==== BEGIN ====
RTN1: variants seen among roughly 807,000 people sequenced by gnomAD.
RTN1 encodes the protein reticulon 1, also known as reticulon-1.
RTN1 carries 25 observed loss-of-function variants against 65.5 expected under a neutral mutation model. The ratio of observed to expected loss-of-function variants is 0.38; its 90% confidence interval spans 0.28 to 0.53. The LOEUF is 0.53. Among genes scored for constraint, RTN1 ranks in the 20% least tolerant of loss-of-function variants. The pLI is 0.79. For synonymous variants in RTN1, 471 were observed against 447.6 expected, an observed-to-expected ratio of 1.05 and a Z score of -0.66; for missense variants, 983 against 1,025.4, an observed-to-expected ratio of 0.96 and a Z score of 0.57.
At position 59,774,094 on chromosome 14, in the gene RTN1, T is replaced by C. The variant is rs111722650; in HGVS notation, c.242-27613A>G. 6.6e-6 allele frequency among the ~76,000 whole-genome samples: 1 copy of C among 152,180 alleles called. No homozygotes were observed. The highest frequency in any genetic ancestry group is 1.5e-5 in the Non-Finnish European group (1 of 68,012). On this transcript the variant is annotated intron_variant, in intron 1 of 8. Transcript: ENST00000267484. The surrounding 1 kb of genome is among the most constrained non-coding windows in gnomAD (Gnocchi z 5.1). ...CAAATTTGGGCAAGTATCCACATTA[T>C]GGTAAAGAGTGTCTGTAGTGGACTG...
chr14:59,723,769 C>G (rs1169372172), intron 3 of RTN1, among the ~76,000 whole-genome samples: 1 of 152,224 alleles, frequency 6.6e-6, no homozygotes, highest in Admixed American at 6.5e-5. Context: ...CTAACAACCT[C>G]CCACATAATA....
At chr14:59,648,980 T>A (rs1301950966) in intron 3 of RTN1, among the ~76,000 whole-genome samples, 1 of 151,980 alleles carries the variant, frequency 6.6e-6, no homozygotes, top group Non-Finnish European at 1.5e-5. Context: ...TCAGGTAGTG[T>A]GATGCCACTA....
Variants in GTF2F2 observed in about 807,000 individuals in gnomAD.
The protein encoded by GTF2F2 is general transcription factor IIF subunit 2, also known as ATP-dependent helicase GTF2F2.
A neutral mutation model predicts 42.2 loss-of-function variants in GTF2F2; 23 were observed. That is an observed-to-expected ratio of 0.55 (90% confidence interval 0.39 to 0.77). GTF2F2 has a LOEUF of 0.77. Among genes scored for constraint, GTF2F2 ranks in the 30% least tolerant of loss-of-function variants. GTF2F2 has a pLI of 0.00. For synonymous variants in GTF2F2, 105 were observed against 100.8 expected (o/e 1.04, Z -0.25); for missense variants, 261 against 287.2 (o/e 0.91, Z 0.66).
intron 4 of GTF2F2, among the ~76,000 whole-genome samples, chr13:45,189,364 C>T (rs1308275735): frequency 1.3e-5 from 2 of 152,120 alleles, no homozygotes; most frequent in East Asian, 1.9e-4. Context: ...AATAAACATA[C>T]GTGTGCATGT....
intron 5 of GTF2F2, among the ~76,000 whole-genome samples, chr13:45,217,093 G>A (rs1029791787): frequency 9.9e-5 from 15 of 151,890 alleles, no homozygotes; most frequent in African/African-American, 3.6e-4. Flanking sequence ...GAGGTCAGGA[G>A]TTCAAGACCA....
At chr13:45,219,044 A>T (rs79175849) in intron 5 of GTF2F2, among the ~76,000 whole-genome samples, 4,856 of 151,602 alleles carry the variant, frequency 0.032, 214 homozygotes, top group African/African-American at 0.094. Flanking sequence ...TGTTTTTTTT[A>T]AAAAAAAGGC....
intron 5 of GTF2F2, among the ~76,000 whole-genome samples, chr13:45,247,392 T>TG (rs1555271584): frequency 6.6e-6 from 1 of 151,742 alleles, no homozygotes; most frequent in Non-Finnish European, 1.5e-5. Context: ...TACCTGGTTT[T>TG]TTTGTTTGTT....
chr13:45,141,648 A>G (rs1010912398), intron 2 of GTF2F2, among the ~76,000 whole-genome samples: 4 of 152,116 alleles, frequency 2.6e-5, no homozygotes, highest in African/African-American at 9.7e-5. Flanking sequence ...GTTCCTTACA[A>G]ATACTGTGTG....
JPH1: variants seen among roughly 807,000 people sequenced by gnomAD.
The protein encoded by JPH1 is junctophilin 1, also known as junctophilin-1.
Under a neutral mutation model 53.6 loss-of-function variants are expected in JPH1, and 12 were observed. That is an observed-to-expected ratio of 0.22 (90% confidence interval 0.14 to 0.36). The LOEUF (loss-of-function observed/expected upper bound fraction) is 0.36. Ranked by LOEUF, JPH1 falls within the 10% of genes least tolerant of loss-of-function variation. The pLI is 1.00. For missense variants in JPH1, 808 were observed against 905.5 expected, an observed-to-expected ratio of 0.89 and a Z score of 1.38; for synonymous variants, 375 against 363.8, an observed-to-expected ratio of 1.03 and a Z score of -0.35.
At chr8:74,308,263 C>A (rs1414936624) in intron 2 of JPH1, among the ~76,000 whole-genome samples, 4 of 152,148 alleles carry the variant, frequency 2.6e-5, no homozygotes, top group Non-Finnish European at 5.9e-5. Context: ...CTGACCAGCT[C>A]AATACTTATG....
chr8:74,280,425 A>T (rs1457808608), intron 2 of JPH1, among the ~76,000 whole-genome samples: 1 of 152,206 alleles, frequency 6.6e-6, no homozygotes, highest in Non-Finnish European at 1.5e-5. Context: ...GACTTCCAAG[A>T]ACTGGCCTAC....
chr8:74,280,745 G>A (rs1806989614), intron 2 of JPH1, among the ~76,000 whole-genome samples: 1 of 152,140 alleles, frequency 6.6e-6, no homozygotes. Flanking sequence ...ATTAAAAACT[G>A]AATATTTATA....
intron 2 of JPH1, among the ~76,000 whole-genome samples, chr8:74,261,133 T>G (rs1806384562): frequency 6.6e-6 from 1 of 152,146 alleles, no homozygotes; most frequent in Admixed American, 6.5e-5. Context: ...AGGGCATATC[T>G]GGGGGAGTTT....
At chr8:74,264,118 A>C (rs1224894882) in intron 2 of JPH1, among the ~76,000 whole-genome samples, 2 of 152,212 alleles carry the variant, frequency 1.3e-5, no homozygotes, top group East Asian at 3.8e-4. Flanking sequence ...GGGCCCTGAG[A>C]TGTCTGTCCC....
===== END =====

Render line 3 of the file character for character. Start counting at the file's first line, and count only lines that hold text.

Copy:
RTN1 carries 25 observed loss-of-function variants against 65.5 expected under a neutral mutation model. The ratio of observed to expected loss-of-function variants is 0.38; its 90% confidence interval spans 0.28 to 0.53. The LOEUF is 0.53. Among genes scored for constraint, RTN1 ranks in the 20% least tolerant of loss-of-function variants. The pLI is 0.79. For synonymous variants in RTN1, 471 were observed against 447.6 expected, an observed-to-expected ratio of 1.05 and a Z score of -0.66; for missense variants, 983 against 1,025.4, an observed-to-expected ratio of 0.96 and a Z score of 0.57.